No, not the classic Metallica rock hit that took airwaves by storm in the early 1990s. I’m talking about the legendary, iconic New York Yankees closer Mariano Rivera. According to a press conference, Rivera had recently hinted that this upcoming season will ultimately be his last in pinstripes, but that was mere speculation and nothing was set in stone. The March 9 press conference solidified his stance and confirmed every Yankee fans’ biggest nightmare-life without Mo.
Yankees Universe did happen to catch a glimpse of what it would be like without Rivera in the back end of games. Last year setup man and now departed, Rafael Soriano, took over the reigns after Rivera was injured, and according to Baseball Almanac, impersonated Rivera the best he could, converting 42 saves in 45 chances. That was great and all, but fans deemed it as a detour and just a blip on the radar. They wanted to see Rivera, one of the last remaining “Core Four” pieces, come back and dominate the game like he did since 1995. There was absolutely no way Rivera could end his illustrious career with a torn ligament he suffered last year while shagging fly balls in Kansas City. After all Rivera has been through and achieved, it would have been devastating to go out that way. Sure enough, what little gas Mo has saved is going to be used for this season and this season only.
The accolades and achievements that Rivera has obtained both on and off the field are unparalleled and it is quite safe to say that no other reliever, let alone a closer, will come remotely close to Mo’s numbers. According to Baseball Reference, Rivera is baseball’s all-time saves leader with 608 career saves. He has appeared in an unheard of 96 postseason games where he has pitched to a minuscule 0.70 ERA. In those postseason games, he has amassed 42 saves in 47 opportunities. He has captured five World Series rings, getting the last out on four of them, and made 12 All-Star teams. In addition, Rivera has a win-loss record of 76-58 and a career ERA of 2.21.
Rivera accomplished all this with the use of basically one pitch-his fierce, signature cut fastball. He was an artist with his cutter. He perfected it game in and game out. The vicious movement on that pitch tricked opposing hitters and shattered bats across 18 Major League seasons. For his catchers, all they were asked to do was put the glove down. Wherever the glove was, Mo would hit it, which speaks volume about his other great quality-his pinpoint accuracy and control. Rarely would he walk a batter, and when he did, it was as if he threw a curveball, because no one saw it coming. When athletes age, their skills are supposed to diminish. With Rivera, it seemed as if he reversed the curse. His command and control has allowed him to continue to stay poise and young on the mound, even when his velocity has dipped. Even though he was not throwing in the upper 90s, as we all were accustomed to seeing early on in his career, Rivera counteracted with accuracy and precision location.
In 1996 former Yankee manager Joe Torre summoned Rivera to the bullpen. It was there that he found his niche and exploded onto the scene, eventually taking over for John Wetteland. Rivera has been so automatic that his blown saves, though few and far between, stick out like a sore thumb and have become actual events. After a remarkable regular season in 1997, Rivera blew a save against the Cleveland Indians in Game 4 of the American League Division Series, as Sandy Alomar Jr. clubbed a game-tying home run, which eventually gave the Indians the win and the series after their Game 5 victory.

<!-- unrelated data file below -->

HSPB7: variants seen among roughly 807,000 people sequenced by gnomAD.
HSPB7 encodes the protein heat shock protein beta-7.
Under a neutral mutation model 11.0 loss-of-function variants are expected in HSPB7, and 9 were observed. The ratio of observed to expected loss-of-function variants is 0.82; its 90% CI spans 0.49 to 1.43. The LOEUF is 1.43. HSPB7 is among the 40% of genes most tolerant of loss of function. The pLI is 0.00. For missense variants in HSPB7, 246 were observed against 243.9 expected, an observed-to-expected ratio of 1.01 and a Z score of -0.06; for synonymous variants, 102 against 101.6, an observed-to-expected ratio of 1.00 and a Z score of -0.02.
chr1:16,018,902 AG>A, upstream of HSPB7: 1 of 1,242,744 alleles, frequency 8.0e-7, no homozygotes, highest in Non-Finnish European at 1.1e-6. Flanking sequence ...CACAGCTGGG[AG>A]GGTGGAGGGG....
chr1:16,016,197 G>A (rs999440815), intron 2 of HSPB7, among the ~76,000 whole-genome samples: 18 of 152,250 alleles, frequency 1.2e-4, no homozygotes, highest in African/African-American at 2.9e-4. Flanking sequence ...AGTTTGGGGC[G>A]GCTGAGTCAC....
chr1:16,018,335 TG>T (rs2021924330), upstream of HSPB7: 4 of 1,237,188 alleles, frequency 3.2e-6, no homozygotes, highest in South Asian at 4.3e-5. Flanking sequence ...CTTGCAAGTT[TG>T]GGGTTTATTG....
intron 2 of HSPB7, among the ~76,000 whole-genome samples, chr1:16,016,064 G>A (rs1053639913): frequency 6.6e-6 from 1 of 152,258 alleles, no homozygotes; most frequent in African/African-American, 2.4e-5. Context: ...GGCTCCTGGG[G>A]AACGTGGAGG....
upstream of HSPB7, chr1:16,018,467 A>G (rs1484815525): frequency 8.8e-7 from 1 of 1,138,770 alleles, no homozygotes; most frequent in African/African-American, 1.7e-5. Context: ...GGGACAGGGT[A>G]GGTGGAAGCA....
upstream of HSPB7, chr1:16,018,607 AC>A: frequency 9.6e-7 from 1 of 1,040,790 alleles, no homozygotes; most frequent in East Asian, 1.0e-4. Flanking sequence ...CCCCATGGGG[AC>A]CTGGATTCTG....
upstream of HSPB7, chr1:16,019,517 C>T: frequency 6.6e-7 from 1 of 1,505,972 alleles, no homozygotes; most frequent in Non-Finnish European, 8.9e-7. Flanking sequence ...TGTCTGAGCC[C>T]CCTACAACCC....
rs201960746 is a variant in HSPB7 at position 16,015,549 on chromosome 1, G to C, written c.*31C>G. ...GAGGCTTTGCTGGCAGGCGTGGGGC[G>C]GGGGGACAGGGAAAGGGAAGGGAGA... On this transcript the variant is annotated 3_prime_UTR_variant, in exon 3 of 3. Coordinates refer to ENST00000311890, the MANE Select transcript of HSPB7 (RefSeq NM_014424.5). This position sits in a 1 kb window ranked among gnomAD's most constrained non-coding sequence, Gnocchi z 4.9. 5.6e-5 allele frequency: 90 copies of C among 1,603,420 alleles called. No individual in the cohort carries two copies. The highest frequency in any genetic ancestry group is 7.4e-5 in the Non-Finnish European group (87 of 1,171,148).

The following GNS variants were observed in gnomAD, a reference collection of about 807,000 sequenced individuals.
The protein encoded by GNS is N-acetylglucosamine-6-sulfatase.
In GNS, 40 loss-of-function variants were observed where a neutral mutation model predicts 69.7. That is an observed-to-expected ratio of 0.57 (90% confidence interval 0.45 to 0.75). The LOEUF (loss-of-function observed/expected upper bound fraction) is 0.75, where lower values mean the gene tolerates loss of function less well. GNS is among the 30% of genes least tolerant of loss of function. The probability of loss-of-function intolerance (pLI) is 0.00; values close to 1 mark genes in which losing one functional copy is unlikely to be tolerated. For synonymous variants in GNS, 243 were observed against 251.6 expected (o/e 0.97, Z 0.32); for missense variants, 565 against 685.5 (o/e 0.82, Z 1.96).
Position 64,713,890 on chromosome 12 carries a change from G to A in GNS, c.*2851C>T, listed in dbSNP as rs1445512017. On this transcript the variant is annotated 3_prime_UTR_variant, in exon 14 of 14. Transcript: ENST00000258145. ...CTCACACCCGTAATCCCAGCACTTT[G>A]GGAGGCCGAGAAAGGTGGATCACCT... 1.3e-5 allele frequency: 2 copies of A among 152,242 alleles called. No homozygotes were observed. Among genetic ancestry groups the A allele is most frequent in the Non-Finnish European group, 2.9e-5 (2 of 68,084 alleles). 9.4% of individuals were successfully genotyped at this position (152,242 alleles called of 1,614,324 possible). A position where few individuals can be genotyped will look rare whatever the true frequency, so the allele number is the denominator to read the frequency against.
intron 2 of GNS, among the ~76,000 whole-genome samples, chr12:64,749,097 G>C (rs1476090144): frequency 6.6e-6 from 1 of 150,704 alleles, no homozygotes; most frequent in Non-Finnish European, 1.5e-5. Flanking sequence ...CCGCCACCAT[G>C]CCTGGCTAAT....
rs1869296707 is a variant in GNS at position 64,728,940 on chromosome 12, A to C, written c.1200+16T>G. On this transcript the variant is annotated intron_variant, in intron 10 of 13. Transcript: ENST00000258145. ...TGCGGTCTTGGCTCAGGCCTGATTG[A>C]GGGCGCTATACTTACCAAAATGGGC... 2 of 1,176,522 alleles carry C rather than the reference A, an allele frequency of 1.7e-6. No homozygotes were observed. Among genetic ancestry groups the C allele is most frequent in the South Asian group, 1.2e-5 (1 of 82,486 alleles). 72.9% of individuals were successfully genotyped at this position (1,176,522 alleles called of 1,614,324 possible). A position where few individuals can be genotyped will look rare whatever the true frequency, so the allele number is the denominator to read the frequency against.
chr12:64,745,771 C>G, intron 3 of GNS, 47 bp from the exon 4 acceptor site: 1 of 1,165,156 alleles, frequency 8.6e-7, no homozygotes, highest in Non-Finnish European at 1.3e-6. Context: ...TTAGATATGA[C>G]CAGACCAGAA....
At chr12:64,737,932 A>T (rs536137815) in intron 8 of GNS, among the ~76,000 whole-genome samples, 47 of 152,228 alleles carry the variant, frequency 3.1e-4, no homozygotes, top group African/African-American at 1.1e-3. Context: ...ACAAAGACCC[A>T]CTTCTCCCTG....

The two more pivotal postseason collapses from Rivera include Game 7 of the 2001 World Series against the Arizona Diamondbacks when slugger Luis Gonzalez blooped the game-winning hit to end the Yankee’s hopes of a four-peat. Later, Mo blew saves in the 2004 American League Championship Series, which saw the Boston Red Sox erase an 0-3 deficit to advance to the World Series. Regardless of these certain occurrences, Yankee fans forgave Rivera for his shortcomings because his positives severely outweighed his negatives. Any Yankee fanatic could reminisce on these failures because Rivera has just been that damn good.
Still, Rivera has been instrumental in the Yankees claiming five titles since his inaugural campaign in 1995, and he did so without any obnoxious celebratory dance or chest-bumping or ego-driven fist thrusting. He is the Michael Jordan to the Chicago Bulls, the Tom Brady to the New England Patriots, and the Nicklas Lidstrom to the Detroit Red Wings. His dominance is greatly tied to the bombers’ success and triumphs over the past two decades. His contributions to the one team he has called home for his entire Major League career cannot be rewritten. While it may be impossible to know exactly how many championships the Yankees would have won without Rivera, his stellar play in the postseason cannot be overlooked.
So in the day and age where relievers, especially closers, have a relatively short shelf life, Rivera affirmatively put his stamp on both baseball and Yankee history. He has his ticket to Cooperstown already punched for 2019. Rivera repeatedly explained how fortunate and lucky he was to have worn the pinstripes for as long as he did. In reality, the New York Yankees franchise are the ones who should be talking about luck, considering he was on their side and shortened a nine-inning game to an eight-inning, and sometimes seven-inning affair, making life a whole heck of a lot easier for his ball club. As the 2013 season inches closer, the Mariano Rivera Farewell Tour begins, as he looks to close out his historical career with one last hurrah. Cue the “Enter Sandman” music. Or for opposing hitters across the league, they are most likely singing, Exit Sandman.